The question said to ignore orbital velocity and rotational of the moon. And over the 500km altitude the acceleration change would be to large to be a projecitle motion question. So the kinetic energy which was equal to the work done could be derived from part i). 1.26x10^7= 1/2mv^2
hence v=1122m/s thoughts?

#### supR

##### Trials are the best
Yeah beta is technically zig-zaggy, but it complied more with beta than Gamma. Gamma doesn't produce continuous tracks. Rather they are very short dots which are at a distance away from the source.
Also gamma has barely any impact on the nuclei, and surely the 4 marks would have wanted some info on alpha affecting nuclei and beta affecting nuclei

#### maxcf212

##### New Member
Also gamma has barely any impact on the nuclei, and surely the 4 marks would have wanted some info on alpha affecting nuclei and beta affecting nuclei
Yea probably. I just put that energy is released as gamma and the nuclei isn't affected.

#### bjw22

##### Member
Lol nice new signature supR

#### asiansensation46

##### New Member
The question said to ignore orbital velocity and rotational of the moon. And over the 500km altitude the acceleration change would be to large to be a projecitle motion question. So the kinetic energy which was equal to the work done could be derived from part i). 1.26x10^7= 1/2mv^2
hence v=1122m/s thoughts?
You have to consider the original velocity as well.
So you work out initial GPE and initial KE, giving you total energy of the system. (1)
Then you work out final GPE at 500km altitude. (2)
Conservation of energy means that (2)+final KE is equal to (1)
Therefore you get value of final KE (at 500km altitude)
Equate to 1/2mv^2 and solve for v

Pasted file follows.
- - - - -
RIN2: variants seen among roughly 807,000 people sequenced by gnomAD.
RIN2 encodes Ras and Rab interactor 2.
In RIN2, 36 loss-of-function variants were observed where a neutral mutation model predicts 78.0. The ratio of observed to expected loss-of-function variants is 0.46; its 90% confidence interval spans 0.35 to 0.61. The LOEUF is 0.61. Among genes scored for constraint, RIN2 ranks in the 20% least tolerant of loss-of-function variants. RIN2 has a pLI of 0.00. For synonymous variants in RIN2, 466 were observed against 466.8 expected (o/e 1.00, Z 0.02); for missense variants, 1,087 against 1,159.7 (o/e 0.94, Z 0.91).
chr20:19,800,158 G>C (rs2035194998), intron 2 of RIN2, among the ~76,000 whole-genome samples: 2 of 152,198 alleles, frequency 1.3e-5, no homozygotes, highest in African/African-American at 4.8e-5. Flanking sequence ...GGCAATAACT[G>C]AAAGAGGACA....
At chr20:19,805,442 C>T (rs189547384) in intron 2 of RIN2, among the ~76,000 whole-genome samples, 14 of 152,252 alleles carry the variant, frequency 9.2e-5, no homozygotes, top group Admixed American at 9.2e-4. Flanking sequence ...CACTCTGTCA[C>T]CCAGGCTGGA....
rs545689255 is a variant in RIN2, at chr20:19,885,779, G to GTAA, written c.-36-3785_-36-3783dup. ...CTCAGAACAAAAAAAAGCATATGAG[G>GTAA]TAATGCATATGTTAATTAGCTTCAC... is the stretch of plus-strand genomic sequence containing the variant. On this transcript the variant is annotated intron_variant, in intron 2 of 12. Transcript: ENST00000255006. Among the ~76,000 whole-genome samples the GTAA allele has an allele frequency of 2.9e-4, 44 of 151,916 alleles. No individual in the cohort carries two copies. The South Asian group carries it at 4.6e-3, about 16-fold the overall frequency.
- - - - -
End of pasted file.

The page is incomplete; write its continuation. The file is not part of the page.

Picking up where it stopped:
You end up with 426.83 ish for v

#### moosa7021

##### New Member
The ruler wasn't held against the wall so the camera would have picked up errors in reading.

#### Drdusk

##### Moderator
Moderator
Haha holy crap I just realized I wrote Quanta to quarks on the extra writing booklet and not Physics.
smh

#### Joshfotho

##### New Member
I said for the projectile that the camera wasn't centred and would therefore distort the image. Reckon that is a valid response?

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#### impulsebro89

##### New Member
I said for the projectile that the camera wasn't centred and would therefore, distort the image. Reckon that is a valid response?
I was about to write down something about the camera but then I read the question closely and it said the camera captured the whole trajectory, so I scrapped that. So i'm not sure

#### 123qqxxzz

##### New Member
nah u have to do change in KE, so change in GpE + change in KE = 0, to get about 400 i believe

#### asiansensation46

##### New Member
For induction cooktops in multiple choice. Was the frequency 50kHz or 50Hz because isn't power supply for AC limited to 50Hz?

#### FieryFX

##### New Member
I was about to write down something about the camera but then I read the question closely and it said the camera captured the whole trajectory, so I scrapped that. So i'm not sure
it captures the whole trajectory but parallax error takes into affect because it has an angled view so its a valid response
(checked with my physics teacher)